Finding one’s dream job is a goal to which many of us aspire. Those able to attain it do so through desire, diligence and hard work. Jeff Pike is one of those people. He knew as a young boy that he wanted to design roller coasters. His unwavering resolve paid off handsomely when Great Coasters International, Inc. co-founders Clair Hain, Jr. and Michael L. Boodley recognized Jeff’s potential and hired him as he completed his engineering degree in the late ‘90s.
While Jeff brought with him the technical wizardry of modern
engineering techniques, he was able to flourish due to the assistance of Mike, who acted as his mentor. Mike and Jeff combined their talents, and along with the GCII team, they created some of the most amazing wooden coasters seen since the industry’s Golden Age in the early 20th century. During this time, a close bond between the pair developed, which further facilitated their inspired work.
When Mike decided to retire in 2000, he effectively passed the torch to Jeff, who was working his way up to a position as GCII’s lead designer. Thanks to Mike’s influence and tutelage, Jeff helped GCII become a respected global leader in finely crafted wooden coasters. Jeff would forever be grateful to Mike for taking the chance on him and allowing him to realize his dream.
Thirteen years later, Jeff faced a difficult decision when he learned that Mike’s health was in rapid decline with his kidneys failing due to complications from diabetes. He needed a kidney transplant. Many of Mike’s close friends stepped up to help by being tested to see if they were a match. Mike was adamant that Jeff not be a transplant candidate due to commitments to his wife and young children. Of course, Jeff would not be deterred. Against astronomical odds, he turned out to be a perfect match. After much testing and working to lose weight as the doctors ordered, both Mike and Jeff checked into a New Jersey hospital for the procedure in December 2013.
The surgery was a complete success, but the road to recovery was a difficult one, especially for Jeff. The pain he endured as he healed was substantial, but with the same fortitude that served him all his life, he persevered. Today, both Mike and Jeff are healthy and living life to the fullest with their enduring friendship intact.
For selflessly offering the ultimate gift — the gift of life to a dear friend — as well as helping to keep the traditional wooden roller coaster alive and well into the 21st century, Jeff Pike is AT’s choice for 2014 Person of the Year.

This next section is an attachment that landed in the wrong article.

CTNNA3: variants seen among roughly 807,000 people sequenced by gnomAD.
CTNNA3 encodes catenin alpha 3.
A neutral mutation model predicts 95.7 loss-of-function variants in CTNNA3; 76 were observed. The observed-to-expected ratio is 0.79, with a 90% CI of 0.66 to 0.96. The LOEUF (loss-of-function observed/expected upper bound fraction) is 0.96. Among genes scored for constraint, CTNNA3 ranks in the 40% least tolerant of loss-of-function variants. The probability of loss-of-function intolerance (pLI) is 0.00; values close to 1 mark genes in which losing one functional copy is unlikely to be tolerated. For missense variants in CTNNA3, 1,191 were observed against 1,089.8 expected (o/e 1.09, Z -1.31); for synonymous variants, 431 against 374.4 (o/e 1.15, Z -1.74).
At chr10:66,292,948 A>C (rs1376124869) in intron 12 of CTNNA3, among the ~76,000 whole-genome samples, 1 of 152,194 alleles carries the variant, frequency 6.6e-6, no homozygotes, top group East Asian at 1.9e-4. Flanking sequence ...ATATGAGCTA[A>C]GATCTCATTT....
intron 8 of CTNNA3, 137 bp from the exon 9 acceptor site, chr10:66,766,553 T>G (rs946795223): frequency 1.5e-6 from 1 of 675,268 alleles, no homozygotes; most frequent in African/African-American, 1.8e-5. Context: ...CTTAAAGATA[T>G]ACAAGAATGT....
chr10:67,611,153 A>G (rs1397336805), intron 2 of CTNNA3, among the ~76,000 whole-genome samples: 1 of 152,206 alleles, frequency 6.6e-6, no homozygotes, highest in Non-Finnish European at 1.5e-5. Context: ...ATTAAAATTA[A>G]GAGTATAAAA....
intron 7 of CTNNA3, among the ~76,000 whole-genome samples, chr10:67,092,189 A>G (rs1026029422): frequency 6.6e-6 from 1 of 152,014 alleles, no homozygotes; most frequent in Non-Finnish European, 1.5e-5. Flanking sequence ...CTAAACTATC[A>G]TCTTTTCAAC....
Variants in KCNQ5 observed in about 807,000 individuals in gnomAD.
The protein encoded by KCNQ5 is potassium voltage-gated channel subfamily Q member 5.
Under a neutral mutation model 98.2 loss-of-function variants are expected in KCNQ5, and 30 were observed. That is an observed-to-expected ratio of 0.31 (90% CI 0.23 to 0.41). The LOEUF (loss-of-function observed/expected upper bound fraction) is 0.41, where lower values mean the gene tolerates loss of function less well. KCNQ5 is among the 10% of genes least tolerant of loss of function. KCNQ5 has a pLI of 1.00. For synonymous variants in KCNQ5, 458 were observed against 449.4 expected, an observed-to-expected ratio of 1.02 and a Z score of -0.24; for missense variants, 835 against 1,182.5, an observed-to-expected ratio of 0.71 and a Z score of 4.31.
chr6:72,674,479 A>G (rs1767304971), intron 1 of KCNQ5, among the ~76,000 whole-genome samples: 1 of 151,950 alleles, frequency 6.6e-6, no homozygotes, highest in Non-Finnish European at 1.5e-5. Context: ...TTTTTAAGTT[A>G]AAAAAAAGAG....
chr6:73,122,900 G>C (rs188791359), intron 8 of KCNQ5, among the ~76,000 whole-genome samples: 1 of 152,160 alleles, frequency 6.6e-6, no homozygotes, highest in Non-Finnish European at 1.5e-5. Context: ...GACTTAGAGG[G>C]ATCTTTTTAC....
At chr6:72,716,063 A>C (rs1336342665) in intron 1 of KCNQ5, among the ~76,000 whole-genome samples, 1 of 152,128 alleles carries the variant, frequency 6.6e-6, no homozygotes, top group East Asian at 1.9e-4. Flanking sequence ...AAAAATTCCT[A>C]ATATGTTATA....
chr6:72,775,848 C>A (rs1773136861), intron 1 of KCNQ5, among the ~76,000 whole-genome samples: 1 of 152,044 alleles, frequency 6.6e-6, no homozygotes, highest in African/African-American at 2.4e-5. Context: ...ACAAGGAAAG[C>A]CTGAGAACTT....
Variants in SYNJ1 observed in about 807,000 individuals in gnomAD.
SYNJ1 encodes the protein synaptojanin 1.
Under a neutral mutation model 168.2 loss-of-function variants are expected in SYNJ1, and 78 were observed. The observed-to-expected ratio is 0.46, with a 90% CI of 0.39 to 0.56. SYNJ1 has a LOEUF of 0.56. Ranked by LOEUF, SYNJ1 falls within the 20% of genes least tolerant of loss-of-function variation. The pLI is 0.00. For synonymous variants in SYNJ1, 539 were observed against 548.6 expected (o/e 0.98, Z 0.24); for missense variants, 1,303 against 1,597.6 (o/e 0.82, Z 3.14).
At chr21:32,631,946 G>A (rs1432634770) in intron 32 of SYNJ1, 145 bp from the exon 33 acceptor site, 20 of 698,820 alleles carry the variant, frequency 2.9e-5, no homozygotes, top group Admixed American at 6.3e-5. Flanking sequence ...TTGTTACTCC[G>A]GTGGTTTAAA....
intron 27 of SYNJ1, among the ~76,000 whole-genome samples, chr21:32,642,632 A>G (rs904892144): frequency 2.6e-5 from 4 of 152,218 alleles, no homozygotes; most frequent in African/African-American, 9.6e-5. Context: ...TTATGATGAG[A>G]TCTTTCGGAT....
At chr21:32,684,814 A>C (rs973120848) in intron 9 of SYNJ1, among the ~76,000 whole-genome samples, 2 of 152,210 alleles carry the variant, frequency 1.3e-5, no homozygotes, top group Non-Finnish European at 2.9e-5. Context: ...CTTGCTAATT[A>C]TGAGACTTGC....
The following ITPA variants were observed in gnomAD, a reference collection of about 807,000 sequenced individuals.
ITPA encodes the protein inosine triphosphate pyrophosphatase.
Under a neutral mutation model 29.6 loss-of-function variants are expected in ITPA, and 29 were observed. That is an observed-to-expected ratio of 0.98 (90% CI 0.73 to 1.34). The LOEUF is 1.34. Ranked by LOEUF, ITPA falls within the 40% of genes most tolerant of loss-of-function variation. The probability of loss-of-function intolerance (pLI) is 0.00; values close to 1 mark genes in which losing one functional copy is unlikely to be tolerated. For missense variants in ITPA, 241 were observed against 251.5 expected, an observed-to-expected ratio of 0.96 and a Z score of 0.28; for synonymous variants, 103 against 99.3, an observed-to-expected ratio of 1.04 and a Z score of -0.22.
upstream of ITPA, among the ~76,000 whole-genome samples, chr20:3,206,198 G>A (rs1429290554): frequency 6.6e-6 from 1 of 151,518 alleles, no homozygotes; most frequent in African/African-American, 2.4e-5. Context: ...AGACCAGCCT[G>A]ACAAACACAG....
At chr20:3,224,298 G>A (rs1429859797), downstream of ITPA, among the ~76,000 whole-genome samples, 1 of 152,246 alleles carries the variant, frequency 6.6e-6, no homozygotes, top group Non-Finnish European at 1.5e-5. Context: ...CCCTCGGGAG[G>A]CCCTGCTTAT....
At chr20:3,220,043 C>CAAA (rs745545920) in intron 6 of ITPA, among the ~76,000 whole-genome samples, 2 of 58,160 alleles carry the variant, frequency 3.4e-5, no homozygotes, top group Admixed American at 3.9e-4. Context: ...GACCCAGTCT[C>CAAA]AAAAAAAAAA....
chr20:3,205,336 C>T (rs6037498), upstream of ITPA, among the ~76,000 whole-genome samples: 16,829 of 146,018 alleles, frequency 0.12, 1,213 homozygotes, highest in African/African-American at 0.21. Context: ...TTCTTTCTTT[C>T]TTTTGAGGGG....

The 50th anniversary of SeaWorld Parks & Entertainment this year celebrates a milestone beyond the creation of fun. It marks the fifth decade of the company’s unique commitment to conservation. This includes public education and — through the work of the nonprofit Hubbs-Sea World Research Institute, established in 1963 — species study and preservation, as well as environmental stewardship.
This commitment culminates with SeaWorld’s recently announced Blue World Project, a greatly expanded, state-of-the-art killer whale environment that first will be built at SeaWorld San Diego, plus more than $10 million in new matching funds for research and conservation projects related to killer whales and ocean health. These developments will enhance further the company’s reputation as one of the world’s foremost zoological organizations and a global leader in animal welfare, training, husbandry and veterinary care.
Behind the scenes, important work has long been carried out through SeaWorld’s animal and rehabilitation program, which gives ill, injured and stranded animals a second chance at life and with the goal of returning them to their ocean home. Nationally, SeaWorld Animal Rescue Teams have rescued and rehabilitated more the 23,000 animals. SeaWorld San Diego’s team alone has rescued more than 7,000 marine mammals and more than 8,000 marine birds since 1965.
In 2013, the SeaWorld San Diego team — utilizing a state-of-the-art medical and laboratory facility — rescued a near-record number of California sea lions as a result of an Unusual Mortality Event (UME) that caused juvenile sea lions to strand on beaches along the central and southern coastline of California. SeaWorld cared for more than 411 sea lions, the majority of which were part of the UME, in addition to other marine mammal species, including 10 elephant seals, 12 harbor seals, one fur seal and five dolphins. In addition, SeaWorld took in and cared for 267 birds. As of the first quarter of this year, the park had already rescued more than 185 marine mammals and more than 120 sea birds.
For their tireless dedication to animal welfare, Amusement Today presents its 2014 Persons of the Year Award to the SeaWorld Animal Rescue Teams based in San Diego, Calif.; Orlando, Fla.; and San Antonio, Texas.